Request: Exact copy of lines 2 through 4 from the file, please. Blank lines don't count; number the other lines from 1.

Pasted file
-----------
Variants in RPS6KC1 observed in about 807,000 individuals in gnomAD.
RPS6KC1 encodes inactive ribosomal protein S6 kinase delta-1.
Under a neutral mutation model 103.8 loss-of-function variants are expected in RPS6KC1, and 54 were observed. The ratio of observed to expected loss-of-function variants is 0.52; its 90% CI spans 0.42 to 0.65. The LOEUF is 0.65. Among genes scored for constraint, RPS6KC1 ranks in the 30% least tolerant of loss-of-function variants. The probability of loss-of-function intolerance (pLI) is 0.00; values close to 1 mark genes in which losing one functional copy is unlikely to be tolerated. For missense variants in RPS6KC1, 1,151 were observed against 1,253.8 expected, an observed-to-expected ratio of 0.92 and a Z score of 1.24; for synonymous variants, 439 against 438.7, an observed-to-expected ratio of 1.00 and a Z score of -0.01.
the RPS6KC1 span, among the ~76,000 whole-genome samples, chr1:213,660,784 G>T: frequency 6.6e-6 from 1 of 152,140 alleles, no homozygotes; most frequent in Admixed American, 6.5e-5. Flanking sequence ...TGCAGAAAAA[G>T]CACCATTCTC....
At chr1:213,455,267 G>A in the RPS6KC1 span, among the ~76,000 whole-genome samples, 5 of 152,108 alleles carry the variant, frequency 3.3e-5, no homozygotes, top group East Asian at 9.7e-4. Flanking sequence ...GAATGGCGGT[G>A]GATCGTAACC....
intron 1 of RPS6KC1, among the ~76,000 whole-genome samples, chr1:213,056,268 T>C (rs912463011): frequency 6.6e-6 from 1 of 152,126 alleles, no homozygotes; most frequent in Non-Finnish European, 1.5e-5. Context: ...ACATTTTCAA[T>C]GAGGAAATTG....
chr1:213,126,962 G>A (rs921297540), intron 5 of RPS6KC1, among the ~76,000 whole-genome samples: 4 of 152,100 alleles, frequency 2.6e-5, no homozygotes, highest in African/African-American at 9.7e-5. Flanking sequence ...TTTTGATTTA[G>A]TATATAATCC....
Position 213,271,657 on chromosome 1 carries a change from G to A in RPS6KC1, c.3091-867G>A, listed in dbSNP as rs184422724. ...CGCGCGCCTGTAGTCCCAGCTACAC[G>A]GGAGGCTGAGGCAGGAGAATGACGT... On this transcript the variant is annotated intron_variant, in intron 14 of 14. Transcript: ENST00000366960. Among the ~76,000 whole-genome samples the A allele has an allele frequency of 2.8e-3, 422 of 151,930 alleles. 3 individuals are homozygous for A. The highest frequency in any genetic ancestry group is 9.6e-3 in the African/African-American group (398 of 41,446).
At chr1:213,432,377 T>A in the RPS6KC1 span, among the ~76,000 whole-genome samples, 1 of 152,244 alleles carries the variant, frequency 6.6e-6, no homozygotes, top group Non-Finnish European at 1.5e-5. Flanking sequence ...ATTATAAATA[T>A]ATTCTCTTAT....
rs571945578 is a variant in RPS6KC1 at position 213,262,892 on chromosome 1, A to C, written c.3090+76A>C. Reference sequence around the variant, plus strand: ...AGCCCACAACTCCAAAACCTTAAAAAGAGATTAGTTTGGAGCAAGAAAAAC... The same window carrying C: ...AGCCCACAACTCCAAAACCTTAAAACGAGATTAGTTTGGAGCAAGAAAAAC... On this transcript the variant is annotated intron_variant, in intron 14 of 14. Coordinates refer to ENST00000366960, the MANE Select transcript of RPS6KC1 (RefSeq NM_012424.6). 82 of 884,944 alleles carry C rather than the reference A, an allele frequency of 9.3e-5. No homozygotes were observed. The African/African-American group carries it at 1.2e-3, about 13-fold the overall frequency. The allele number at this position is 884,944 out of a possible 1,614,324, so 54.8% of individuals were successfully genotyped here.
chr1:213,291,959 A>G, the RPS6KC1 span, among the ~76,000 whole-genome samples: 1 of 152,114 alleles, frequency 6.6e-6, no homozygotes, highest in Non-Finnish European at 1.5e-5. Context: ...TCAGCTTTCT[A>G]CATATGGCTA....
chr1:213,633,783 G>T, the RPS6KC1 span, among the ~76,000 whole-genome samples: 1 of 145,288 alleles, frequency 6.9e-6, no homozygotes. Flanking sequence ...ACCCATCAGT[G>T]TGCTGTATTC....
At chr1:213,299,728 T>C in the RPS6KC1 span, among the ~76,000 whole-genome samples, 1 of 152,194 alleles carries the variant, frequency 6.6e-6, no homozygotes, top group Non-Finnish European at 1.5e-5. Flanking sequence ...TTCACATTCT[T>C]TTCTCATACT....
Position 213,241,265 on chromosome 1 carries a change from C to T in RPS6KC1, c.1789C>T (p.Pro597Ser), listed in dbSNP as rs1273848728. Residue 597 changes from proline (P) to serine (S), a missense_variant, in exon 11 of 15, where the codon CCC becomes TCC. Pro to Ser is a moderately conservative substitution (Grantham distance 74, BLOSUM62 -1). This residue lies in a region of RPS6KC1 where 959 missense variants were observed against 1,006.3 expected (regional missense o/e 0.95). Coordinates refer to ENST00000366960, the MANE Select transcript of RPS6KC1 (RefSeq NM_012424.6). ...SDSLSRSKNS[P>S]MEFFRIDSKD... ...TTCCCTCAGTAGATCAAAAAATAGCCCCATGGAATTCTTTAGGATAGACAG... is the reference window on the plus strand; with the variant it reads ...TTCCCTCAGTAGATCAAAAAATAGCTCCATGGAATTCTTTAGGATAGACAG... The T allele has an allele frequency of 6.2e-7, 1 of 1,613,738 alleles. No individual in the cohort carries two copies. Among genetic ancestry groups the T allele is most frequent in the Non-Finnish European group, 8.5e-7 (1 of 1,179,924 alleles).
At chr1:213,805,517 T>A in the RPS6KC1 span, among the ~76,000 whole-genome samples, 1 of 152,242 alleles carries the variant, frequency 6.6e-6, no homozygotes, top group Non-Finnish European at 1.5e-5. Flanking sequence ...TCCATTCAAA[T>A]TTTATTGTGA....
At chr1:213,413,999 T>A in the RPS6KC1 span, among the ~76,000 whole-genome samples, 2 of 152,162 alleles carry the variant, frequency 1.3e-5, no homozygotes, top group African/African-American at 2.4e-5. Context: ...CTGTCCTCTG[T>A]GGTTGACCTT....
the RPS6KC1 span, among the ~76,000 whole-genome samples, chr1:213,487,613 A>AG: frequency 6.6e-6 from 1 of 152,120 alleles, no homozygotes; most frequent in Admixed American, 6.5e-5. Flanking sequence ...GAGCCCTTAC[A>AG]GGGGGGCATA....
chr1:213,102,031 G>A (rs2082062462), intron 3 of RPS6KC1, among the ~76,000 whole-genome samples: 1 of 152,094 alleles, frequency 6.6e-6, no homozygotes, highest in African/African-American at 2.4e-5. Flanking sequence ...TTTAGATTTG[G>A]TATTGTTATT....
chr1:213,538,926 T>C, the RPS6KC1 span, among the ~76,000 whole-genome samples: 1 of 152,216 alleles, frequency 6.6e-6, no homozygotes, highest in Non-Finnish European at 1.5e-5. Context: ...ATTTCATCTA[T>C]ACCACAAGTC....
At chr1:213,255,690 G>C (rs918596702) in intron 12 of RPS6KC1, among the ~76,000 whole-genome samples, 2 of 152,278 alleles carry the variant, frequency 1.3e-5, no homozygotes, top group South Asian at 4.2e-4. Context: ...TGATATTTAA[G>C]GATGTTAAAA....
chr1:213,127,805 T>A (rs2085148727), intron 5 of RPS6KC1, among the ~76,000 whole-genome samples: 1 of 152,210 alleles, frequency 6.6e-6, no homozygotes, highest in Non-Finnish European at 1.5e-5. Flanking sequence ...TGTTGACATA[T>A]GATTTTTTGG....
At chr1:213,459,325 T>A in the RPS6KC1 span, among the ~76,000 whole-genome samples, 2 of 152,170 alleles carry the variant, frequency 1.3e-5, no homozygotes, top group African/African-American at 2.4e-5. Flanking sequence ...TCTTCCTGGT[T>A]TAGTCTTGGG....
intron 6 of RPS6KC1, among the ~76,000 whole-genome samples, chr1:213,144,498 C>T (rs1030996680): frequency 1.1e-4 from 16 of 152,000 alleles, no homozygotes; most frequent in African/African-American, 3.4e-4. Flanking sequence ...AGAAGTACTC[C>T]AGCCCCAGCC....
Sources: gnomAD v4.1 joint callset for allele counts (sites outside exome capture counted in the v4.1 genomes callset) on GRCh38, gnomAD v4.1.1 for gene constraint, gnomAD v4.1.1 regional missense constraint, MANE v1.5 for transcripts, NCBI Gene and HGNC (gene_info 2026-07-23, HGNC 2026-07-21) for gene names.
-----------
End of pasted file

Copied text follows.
RPS6KC1 encodes inactive ribosomal protein S6 kinase delta-1.
Under a neutral mutation model 103.8 loss-of-function variants are expected in RPS6KC1, and 54 were observed. The ratio of observed to expected loss-of-function variants is 0.52; its 90% CI spans 0.42 to 0.65. The LOEUF is 0.65. Among genes scored for constraint, RPS6KC1 ranks in the 30% least tolerant of loss-of-function variants. The probability of loss-of-function intolerance (pLI) is 0.00; values close to 1 mark genes in which losing one functional copy is unlikely to be tolerated. For missense variants in RPS6KC1, 1,151 were observed against 1,253.8 expected, an observed-to-expected ratio of 0.92 and a Z score of 1.24; for synonymous variants, 439 against 438.7, an observed-to-expected ratio of 1.00 and a Z score of -0.01.
the RPS6KC1 span, among the ~76,000 whole-genome samples, chr1:213,660,784 G>T: frequency 6.6e-6 from 1 of 152,140 alleles, no homozygotes; most frequent in Admixed American, 6.5e-5. Flanking sequence ...TGCAGAAAAA[G>T]CACCATTCTC....